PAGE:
In crime fiction, particularly at the lighter, cosier end of the genre spectrum one of the issues that authors have to deal with is what I’ll call the Cabot Cove Effect. That being that in reality small towns and communities simply do not experience the number and variety of murders worthy of dramatic re-telling that even one book, let alone a series of them, demands. So there has to be something else about the books that makes it possible for readers to suspend disbelief. In my experience a lot of authors completely fail to achieve this which is the main reason I follow so few lighter series (many are started, few are finished). Having now published the second of what I hope will become a longer series of books set in the fictional Victorian town of Rusty Bore, population 147, Sue Williams could give lessons on how to get it right.
DEAD MEN DON’T ORDER FLAKE follows on from MURDER WITH THE LOT but you don’t have to have read the first book in order to enjoy this one. That fact is worth stating explicitly as it’s often difficult to dive into a series at anything other than the beginning so I am impressed when a book stands on its own merits. Furthermore, you could easily go back and read the first book after this one which is even less common. Full marks.
The next element Williams gets right is the tone of the story. It can’t be too serious (because of the aforementioned Cabot Cove Effect) but it can’t be so silly or gimmick-laden that it induces eye rolling in the average reader. Aside from the fact that there’s a higher than credible murder count for a small town, everything else about the story has a ring of truth so it is easy to ignore that one issue and go for the ride. The dead man of this book’s title is Leo Stone, an old flame of series heroine Cass Tuplin. Everyone in town thought Leo was dead. So dead they even held a remembrance ceremony and gave him a headstone. But he’s turned up now very much alive and with gun and/or diamond smuggling skills to his name. Or so the rumour mill goes. Meanwhile Cass is asked by the father of a local reporter to investigate her death. Police – in the form of Cass’ oldest son Dean – say Natalie Kellett was speeding and crashed her car at a notorious black spot. But her father is convinced this isn’t true. Could she have been working on a story important enough to have gotten her killed? Finding out proves to be very entertaining with lots of humour offsetting the dramatic moments.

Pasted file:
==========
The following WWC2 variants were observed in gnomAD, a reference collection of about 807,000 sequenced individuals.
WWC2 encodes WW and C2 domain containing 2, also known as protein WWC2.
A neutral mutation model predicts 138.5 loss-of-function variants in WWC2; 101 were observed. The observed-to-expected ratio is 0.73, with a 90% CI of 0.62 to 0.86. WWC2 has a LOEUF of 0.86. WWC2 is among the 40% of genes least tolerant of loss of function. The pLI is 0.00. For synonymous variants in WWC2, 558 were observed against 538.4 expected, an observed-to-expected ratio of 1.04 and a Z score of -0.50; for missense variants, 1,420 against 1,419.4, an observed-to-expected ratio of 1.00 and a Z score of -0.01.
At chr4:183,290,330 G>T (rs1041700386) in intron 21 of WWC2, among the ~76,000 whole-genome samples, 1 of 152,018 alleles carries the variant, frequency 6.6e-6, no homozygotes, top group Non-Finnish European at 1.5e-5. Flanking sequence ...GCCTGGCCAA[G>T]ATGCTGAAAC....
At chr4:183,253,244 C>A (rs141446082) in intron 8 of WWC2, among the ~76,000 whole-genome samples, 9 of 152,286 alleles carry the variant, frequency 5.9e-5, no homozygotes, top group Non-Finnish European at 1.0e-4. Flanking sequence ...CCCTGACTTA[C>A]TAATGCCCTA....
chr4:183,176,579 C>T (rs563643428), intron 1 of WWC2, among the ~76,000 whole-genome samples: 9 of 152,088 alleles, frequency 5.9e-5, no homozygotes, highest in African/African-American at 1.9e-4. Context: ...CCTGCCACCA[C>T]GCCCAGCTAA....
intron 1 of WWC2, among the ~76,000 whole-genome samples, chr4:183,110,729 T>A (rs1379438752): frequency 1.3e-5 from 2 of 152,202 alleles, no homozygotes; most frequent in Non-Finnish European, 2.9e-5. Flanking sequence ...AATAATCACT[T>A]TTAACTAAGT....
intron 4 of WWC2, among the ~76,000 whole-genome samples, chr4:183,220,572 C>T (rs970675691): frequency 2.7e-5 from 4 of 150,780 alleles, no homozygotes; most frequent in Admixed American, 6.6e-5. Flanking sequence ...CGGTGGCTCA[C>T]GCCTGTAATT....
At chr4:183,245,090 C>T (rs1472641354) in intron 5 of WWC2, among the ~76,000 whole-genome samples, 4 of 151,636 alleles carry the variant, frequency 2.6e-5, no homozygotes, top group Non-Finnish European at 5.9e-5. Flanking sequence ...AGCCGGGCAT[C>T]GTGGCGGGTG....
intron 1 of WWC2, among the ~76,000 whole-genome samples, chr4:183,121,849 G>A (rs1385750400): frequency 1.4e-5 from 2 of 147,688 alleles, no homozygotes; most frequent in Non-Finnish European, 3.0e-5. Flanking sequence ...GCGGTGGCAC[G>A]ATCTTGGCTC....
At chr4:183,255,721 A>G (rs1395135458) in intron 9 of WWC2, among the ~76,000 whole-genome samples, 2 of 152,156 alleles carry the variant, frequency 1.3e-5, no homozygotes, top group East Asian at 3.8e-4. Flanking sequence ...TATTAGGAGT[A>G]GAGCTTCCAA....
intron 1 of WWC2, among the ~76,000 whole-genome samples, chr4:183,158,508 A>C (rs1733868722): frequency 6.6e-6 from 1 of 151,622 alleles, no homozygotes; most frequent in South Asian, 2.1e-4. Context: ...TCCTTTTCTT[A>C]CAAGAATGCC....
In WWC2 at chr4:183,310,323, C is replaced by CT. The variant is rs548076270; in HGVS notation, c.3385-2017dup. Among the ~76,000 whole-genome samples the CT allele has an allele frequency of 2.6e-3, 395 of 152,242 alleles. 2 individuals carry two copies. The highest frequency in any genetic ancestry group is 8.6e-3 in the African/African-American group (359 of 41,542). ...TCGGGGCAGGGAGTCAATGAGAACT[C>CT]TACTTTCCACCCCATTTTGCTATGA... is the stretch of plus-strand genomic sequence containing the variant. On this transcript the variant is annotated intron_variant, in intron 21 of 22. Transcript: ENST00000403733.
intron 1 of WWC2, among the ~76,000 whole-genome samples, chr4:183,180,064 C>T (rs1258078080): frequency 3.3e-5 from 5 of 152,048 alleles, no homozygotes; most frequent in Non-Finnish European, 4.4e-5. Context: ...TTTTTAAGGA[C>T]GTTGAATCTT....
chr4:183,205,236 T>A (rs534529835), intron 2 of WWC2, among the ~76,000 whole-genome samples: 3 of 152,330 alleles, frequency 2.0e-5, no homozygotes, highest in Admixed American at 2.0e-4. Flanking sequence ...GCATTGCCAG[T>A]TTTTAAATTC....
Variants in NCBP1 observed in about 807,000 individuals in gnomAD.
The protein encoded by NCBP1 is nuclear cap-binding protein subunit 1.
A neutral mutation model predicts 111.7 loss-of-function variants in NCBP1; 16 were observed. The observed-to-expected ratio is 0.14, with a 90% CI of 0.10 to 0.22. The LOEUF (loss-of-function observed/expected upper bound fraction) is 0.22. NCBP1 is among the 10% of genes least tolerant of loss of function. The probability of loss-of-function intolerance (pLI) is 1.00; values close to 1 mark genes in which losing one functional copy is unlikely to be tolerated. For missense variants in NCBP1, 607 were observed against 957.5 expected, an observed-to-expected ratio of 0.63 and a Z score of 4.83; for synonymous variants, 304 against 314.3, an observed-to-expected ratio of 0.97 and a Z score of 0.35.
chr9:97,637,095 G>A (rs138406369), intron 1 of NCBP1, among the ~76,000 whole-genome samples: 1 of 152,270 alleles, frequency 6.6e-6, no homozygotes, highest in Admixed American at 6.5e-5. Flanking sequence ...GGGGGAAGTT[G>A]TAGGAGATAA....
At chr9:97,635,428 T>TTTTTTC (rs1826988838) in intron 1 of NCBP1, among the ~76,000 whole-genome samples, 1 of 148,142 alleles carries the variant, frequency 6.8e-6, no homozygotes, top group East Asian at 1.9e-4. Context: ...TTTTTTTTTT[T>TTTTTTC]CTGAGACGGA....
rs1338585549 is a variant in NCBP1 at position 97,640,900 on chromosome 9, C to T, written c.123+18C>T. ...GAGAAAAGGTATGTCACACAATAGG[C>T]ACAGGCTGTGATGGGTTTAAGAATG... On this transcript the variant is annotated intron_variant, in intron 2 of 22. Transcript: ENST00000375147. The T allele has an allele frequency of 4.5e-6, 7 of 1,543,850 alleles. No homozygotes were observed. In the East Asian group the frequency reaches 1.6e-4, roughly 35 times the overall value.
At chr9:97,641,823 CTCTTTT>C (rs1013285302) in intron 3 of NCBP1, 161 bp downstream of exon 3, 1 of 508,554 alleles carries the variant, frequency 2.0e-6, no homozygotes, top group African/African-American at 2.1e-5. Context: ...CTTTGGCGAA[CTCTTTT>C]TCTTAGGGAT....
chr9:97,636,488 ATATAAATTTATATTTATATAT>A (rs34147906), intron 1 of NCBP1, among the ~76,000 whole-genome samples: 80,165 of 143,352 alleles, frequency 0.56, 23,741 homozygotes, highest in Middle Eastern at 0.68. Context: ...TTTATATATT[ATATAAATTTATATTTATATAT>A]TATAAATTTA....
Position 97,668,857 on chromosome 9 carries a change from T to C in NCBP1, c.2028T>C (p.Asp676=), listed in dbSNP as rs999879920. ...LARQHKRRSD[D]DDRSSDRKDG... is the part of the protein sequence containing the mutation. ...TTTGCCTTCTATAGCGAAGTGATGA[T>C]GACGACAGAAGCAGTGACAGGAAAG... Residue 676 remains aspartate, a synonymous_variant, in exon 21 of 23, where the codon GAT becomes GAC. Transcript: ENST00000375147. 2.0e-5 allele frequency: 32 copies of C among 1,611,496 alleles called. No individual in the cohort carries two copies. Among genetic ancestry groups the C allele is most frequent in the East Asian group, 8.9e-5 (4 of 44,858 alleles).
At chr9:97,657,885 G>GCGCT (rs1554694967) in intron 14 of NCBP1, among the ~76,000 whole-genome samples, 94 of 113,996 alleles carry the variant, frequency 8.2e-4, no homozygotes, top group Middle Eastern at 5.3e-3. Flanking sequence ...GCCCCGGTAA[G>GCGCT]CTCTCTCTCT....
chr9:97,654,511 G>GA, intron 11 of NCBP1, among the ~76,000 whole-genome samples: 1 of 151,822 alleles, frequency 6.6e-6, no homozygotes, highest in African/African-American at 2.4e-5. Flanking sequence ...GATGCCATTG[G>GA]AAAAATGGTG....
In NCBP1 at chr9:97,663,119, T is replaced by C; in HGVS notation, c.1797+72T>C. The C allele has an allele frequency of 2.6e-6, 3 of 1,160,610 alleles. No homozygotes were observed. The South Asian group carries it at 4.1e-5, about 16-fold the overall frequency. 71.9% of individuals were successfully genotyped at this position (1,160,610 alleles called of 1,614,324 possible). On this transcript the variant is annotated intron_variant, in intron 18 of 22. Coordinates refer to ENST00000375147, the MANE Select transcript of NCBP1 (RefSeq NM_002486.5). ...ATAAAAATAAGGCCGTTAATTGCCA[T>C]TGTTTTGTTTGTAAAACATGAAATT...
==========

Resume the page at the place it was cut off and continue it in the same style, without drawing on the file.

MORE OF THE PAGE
The characters here are the sorts of people you work with or are related to or are neighbours with. OK maybe you don’t know anyone who owns multiple ferrets and don’t have a potential in-law who makes you buy g-string underwear while it’s on sale but I bet most of the characters display traits you are familiar with. The result is that it’s almost like being told a story about people you know. Sometimes they are annoying – I find Cass a mite too wrapped up in her adult children’s lives for example – but that’s what makes them realistic. And collectively Williams has created a group of people who are interesting and fun.
Based on the number of unfinished ones littering my ‘books to donate’ pile I suspect it sounds a lot easier than it actually is to wrte this kind of book well. Sue Williams has the balance of humour and drama just about perfect and without going over the top on ‘ocker traits’ provides an authentic Australian sensibility for this story. With a dash of nefarious local politics, a mysterious romantic element and terrific minor characters spanning twenty-somethings to the elderly there is something – or someone – for every reader.
This is the 13th book I’ve read and reviewed for the fifth Australian Women Writers Challenge. For more information about the challenge check out my challenge progress, sign up yourself or browse the Challenge’s database of reviews.
Publisher: Text 
Length: 281 pages